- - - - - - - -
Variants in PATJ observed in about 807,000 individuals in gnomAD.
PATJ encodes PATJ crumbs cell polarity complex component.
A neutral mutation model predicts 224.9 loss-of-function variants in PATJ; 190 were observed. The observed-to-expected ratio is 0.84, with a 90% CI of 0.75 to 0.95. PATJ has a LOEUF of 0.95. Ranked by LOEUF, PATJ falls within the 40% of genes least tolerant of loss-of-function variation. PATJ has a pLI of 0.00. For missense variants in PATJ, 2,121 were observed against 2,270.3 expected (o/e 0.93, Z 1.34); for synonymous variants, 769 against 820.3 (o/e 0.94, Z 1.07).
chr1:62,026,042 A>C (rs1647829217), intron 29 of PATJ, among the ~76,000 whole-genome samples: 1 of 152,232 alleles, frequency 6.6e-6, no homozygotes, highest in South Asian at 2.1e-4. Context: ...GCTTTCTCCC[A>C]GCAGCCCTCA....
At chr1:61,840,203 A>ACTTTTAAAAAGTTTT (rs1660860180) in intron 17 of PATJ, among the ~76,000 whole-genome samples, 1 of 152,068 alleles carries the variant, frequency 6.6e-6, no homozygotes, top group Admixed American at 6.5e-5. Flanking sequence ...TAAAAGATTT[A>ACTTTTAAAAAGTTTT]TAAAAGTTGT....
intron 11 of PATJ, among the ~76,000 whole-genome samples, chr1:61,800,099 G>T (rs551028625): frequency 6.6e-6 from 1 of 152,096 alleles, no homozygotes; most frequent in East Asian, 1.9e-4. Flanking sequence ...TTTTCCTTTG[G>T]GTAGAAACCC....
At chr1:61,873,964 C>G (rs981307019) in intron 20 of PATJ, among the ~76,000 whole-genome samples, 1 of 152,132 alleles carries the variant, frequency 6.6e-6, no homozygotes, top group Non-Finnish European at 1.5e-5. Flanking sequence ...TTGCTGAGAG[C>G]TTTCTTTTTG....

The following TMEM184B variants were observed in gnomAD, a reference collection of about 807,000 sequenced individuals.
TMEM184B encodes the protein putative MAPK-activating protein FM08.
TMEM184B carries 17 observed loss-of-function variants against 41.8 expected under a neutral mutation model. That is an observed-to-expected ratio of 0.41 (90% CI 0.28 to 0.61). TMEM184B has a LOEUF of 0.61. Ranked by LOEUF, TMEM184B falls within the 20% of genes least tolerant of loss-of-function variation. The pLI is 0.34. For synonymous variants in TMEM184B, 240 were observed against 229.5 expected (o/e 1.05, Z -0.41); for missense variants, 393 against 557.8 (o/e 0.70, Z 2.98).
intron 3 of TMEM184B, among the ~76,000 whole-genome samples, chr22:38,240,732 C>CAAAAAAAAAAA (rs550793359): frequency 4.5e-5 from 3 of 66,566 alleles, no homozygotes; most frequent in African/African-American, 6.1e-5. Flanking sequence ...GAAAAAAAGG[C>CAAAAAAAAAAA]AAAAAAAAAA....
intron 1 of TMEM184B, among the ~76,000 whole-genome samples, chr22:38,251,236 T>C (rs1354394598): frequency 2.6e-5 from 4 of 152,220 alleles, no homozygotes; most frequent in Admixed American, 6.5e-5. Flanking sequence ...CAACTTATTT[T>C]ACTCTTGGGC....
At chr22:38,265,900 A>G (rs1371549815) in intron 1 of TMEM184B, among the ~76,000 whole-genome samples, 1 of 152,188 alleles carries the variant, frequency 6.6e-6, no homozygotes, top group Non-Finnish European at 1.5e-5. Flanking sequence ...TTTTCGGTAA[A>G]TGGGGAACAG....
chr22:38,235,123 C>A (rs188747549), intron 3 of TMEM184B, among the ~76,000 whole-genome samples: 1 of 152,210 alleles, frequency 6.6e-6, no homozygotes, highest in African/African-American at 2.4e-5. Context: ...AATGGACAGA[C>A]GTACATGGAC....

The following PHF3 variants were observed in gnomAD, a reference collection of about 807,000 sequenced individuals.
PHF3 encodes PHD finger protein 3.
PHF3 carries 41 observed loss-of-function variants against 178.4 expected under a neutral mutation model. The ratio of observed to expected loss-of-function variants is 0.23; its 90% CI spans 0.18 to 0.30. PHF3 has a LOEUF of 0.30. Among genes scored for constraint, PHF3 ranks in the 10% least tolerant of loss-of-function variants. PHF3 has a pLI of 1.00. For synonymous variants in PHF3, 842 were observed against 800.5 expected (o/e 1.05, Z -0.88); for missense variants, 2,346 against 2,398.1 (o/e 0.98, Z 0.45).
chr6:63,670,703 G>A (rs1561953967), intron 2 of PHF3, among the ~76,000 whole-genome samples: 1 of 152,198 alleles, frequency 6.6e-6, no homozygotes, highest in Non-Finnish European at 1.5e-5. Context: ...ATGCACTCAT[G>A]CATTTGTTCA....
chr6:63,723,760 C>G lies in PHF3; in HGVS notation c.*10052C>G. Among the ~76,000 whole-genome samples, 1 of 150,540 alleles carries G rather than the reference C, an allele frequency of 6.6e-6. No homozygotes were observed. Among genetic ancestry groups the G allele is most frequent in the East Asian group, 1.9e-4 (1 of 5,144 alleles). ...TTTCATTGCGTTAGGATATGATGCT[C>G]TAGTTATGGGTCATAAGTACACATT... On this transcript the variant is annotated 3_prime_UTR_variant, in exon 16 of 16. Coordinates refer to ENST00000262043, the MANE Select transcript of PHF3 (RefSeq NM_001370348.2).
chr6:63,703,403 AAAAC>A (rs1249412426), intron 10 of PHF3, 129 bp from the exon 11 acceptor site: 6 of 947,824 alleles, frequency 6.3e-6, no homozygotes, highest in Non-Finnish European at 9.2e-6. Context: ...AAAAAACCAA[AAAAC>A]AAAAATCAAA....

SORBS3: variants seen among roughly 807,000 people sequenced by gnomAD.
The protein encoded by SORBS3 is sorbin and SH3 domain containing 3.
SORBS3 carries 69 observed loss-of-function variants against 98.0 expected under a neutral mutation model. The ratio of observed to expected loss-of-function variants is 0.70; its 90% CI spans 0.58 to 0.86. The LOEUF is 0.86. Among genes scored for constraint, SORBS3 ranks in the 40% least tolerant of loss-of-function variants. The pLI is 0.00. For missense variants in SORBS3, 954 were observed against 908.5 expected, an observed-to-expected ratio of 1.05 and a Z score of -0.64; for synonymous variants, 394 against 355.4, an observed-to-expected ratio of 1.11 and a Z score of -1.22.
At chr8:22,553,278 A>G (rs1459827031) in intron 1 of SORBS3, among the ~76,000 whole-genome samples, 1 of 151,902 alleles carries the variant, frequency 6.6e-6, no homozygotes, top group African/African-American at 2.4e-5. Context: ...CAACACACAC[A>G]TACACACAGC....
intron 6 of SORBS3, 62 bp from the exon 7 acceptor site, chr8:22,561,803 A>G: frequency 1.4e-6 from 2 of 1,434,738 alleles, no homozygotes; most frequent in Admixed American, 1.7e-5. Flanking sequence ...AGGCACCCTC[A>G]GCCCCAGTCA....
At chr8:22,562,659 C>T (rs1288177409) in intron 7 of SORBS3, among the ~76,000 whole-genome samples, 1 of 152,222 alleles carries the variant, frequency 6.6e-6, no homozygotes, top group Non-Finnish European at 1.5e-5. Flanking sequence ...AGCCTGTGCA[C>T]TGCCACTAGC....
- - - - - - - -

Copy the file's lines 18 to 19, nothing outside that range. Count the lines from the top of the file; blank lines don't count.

chr6:63,670,703 G>A (rs1561953967), intron 2 of PHF3, among the ~76,000 whole-genome samples: 1 of 152,198 alleles, frequency 6.6e-6, no homozygotes, highest in Non-Finnish European at 1.5e-5. Context: ...ATGCACTCAT[G>A]CATTTGTTCA....
chr6:63,723,760 C>G lies in PHF3; in HGVS notation c.*10052C>G. Among the ~76,000 whole-genome samples, 1 of 150,540 alleles carries G rather than the reference C, an allele frequency of 6.6e-6. No homozygotes were observed. Among genetic ancestry groups the G allele is most frequent in the East Asian group, 1.9e-4 (1 of 5,144 alleles). ...TTTCATTGCGTTAGGATATGATGCT[C>G]TAGTTATGGGTCATAAGTACACATT... On this transcript the variant is annotated 3_prime_UTR_variant, in exon 16 of 16. Coordinates refer to ENST00000262043, the MANE Select transcript of PHF3 (RefSeq NM_001370348.2).